U.S. inflation rises 0.4% in September despite Fed rate hikes

Despite the Federal Reserve’s interest rate hikes, inflation reportedly rose 0.4% in September in the U.S., higher than expected. Data from the Bureau of Labor Statistics also showed that consumer prices rose 8.2 percent from a year earlier.

The Consumer Price Index rose 0.4 percent over the month, beating the Dow Jones estimate of 0.3 percent for the same period. In addition, excluding volatile food and energy prices, the core consumer price index accelerated by 0.6 percent. This increase was above the Dow Jones estimate of 0.4 percent. In addition, core inflation also rose 6.6 percent from a year earlier. This is the largest 12-month gain since August 1982.

In September, headline inflation rose 8.2 percent. This is a move away from the June peak of 9 percent, but still approaches high levels not seen since the early 1980s.

Markets are now looking ahead to the months ahead. According to analysts and market watchers, the Federal Reserve may build on the September inflation report. This could result in subsequent rate hikes of 0.75 percentage points for November and December.

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September inflation report provides food for thought

The lackluster inflation report and the prospect of more aggressive rate hikes initially rattled financial markets. For example, the value of stock market futures fell, while Treasury yields rose inversely. Despite these developments, most of the earlier losses were reversed during the morning session. During the same period, the Dow Jones closed up over 800 points after a monumental one-day reversal.

Michelle Meyer, chief U.S. economist at Mastercard Economics Institute, commented on the September inflation report forecast and the Fed’s likely response:

“The Federal Reserve has made clear that it is committed to price stability and reducing inflationary pressures. The higher inflation is than expected, the more it will have to prove its commitment, which means higher interest rates and a cooling of the underlying economy.”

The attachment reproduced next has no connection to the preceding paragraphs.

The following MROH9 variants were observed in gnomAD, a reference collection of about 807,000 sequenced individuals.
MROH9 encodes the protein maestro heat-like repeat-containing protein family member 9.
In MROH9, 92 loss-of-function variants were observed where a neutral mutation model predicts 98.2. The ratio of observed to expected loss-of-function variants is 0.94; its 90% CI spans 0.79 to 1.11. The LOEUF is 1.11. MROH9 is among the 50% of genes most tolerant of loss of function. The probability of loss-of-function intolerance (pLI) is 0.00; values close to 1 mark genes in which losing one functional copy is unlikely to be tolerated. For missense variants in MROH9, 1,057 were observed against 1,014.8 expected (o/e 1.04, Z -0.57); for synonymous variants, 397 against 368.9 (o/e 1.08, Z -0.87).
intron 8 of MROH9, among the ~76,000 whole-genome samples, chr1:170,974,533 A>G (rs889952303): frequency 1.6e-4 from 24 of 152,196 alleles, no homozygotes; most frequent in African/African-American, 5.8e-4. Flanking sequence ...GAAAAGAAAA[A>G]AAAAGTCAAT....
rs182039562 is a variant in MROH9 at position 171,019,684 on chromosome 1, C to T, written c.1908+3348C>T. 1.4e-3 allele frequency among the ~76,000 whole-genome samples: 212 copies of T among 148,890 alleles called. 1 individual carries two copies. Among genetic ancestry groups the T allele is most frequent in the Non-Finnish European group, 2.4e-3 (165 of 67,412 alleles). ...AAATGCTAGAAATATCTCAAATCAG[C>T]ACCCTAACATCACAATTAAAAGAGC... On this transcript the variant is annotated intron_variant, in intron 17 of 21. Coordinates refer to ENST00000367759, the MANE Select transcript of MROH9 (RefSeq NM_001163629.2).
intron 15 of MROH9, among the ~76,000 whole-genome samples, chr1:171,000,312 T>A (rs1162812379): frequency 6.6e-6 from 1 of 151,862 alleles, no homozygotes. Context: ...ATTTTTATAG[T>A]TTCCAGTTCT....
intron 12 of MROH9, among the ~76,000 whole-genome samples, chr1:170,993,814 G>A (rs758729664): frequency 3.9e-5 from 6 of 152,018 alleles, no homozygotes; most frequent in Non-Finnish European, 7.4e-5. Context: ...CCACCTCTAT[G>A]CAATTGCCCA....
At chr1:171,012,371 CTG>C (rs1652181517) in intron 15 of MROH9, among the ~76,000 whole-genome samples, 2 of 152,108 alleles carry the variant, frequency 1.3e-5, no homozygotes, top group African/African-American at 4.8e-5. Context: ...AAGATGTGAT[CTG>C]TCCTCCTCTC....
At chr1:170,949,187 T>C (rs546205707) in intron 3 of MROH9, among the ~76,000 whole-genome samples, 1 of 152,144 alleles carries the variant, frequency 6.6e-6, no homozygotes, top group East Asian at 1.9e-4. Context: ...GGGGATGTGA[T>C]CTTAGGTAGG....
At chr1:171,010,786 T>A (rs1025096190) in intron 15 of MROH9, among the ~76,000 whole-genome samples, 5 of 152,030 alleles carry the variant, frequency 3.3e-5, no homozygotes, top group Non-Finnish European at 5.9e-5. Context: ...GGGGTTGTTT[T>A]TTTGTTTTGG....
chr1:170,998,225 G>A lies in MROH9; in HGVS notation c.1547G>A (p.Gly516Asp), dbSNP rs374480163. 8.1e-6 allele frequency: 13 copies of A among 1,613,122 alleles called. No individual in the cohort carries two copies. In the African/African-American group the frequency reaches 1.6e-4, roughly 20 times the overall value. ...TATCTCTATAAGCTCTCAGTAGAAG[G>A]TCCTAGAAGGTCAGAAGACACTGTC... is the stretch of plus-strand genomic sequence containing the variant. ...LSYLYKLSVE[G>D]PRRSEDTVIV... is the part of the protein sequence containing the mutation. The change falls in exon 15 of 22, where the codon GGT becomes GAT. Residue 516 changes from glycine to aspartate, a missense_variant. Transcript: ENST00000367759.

Amid rising costs for food (0.8 percent), housing (0.7 percent), transportation services (1.9 percent), and medical care services (1 percent) in September, workers’ wages fell again. According to reports, average hourly earnings fell by 0.1 percent per month and 3 percent over a year, when adjusted for inflation. However, despite these inflationary headwinds, Michelle Meyer notes that consumer spending remains strong. As she puts it:

“Part of the reason that inflation is so strong is that consumers have had very strong purchasing power. Consumers continue to spend despite these inflation increases, and so the challenge is greater for the Fed to be able to effectively rebalance the economy.”

Incoming Sales Report

The Federal Reserve has raised benchmark rates by a full 3 percentage points since March. However, the extent to which this increase and rising prices have hurt consumption may become clearer on Friday. Indeed, the market is expecting the Commerce Department and Census Bureau to release the retail sales report for September on Friday. The non-inflation-adjusted data is expected to show a monthly increase of 0.3% and no change if auto sales are excluded.

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